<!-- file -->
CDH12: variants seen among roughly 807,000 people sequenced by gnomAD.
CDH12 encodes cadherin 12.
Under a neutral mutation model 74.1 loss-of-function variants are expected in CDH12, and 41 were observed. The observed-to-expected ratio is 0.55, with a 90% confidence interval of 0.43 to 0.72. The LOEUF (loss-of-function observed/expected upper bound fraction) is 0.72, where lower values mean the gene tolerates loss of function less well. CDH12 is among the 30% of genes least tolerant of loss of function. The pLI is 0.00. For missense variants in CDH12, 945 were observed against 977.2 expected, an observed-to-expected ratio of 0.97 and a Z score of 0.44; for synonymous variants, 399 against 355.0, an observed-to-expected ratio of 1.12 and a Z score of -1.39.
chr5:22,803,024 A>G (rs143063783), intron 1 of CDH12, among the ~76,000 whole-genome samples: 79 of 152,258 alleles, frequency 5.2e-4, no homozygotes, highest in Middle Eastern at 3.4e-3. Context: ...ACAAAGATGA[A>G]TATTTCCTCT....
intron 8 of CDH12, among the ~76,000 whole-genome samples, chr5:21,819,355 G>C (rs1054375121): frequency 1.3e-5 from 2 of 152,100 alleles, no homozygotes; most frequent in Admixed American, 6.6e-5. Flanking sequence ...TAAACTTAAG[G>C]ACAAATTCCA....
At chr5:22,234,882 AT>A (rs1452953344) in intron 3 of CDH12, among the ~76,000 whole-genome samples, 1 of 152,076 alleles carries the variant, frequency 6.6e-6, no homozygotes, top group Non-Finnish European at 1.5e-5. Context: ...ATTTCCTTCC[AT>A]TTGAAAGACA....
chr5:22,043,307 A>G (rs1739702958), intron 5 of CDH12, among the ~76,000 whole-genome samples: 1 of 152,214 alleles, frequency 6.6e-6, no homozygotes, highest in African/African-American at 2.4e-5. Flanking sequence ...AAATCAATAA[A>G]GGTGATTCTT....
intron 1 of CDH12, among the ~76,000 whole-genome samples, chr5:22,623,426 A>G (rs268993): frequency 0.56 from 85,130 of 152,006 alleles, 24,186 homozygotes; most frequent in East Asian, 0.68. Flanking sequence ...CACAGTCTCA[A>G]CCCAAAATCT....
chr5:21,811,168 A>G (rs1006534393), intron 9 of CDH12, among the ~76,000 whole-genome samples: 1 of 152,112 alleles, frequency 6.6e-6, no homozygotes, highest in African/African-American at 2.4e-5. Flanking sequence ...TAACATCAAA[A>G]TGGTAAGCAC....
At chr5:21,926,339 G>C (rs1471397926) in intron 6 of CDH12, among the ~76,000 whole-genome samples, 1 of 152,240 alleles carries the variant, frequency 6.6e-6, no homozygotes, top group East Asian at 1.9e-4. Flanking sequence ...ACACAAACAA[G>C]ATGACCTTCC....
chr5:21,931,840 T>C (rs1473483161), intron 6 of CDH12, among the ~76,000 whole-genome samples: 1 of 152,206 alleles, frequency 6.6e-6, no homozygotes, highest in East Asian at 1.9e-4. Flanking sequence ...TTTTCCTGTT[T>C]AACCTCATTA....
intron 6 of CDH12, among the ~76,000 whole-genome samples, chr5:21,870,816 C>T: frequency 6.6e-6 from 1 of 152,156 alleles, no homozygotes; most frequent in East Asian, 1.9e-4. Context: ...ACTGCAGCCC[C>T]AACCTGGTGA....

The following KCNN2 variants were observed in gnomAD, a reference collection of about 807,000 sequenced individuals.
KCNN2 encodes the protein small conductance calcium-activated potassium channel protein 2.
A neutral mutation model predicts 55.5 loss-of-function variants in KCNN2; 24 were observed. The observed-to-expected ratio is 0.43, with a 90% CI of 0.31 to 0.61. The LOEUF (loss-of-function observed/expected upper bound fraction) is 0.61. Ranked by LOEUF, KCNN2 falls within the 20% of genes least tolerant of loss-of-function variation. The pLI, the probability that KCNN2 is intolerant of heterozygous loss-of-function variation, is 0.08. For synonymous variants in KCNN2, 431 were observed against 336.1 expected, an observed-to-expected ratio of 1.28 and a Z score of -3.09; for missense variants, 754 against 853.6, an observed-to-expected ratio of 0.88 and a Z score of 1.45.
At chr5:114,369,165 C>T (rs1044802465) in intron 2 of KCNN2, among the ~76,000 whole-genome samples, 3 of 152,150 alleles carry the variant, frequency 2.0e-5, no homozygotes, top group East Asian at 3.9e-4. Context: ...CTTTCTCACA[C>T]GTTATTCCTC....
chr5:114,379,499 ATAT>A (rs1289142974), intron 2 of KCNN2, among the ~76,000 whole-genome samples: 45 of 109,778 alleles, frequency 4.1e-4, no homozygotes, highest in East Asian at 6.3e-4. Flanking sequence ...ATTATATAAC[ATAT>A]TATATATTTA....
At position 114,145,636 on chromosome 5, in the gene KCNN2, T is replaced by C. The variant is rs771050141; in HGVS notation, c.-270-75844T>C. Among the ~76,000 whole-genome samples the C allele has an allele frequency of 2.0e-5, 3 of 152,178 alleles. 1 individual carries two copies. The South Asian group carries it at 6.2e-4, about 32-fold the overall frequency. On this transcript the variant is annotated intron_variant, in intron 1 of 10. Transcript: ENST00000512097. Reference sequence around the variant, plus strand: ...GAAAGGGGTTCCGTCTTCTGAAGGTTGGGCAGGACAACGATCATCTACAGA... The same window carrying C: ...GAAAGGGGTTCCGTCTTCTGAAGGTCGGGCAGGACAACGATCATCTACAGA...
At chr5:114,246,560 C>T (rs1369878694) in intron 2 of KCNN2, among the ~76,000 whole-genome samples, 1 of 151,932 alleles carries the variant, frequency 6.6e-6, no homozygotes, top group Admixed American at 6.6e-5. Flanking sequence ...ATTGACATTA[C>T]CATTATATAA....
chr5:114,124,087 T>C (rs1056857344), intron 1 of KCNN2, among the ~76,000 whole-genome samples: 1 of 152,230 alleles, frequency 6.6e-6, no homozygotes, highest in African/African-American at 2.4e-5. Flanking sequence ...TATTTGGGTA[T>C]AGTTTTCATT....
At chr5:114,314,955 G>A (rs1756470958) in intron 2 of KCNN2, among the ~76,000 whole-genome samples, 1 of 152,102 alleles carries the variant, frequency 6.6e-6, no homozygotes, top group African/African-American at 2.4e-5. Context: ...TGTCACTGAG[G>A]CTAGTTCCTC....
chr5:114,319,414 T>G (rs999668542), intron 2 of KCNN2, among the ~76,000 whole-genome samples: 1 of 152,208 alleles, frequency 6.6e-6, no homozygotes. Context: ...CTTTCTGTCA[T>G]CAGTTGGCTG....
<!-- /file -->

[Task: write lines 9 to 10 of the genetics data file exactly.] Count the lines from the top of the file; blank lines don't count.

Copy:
chr5:21,811,168 A>G (rs1006534393), intron 9 of CDH12, among the ~76,000 whole-genome samples: 1 of 152,112 alleles, frequency 6.6e-6, no homozygotes, highest in African/African-American at 2.4e-5. Flanking sequence ...TAACATCAAA[A>G]TGGTAAGCAC....
At chr5:21,926,339 G>C (rs1471397926) in intron 6 of CDH12, among the ~76,000 whole-genome samples, 1 of 152,240 alleles carries the variant, frequency 6.6e-6, no homozygotes, top group East Asian at 1.9e-4. Flanking sequence ...ACACAAACAA[G>C]ATGACCTTCC....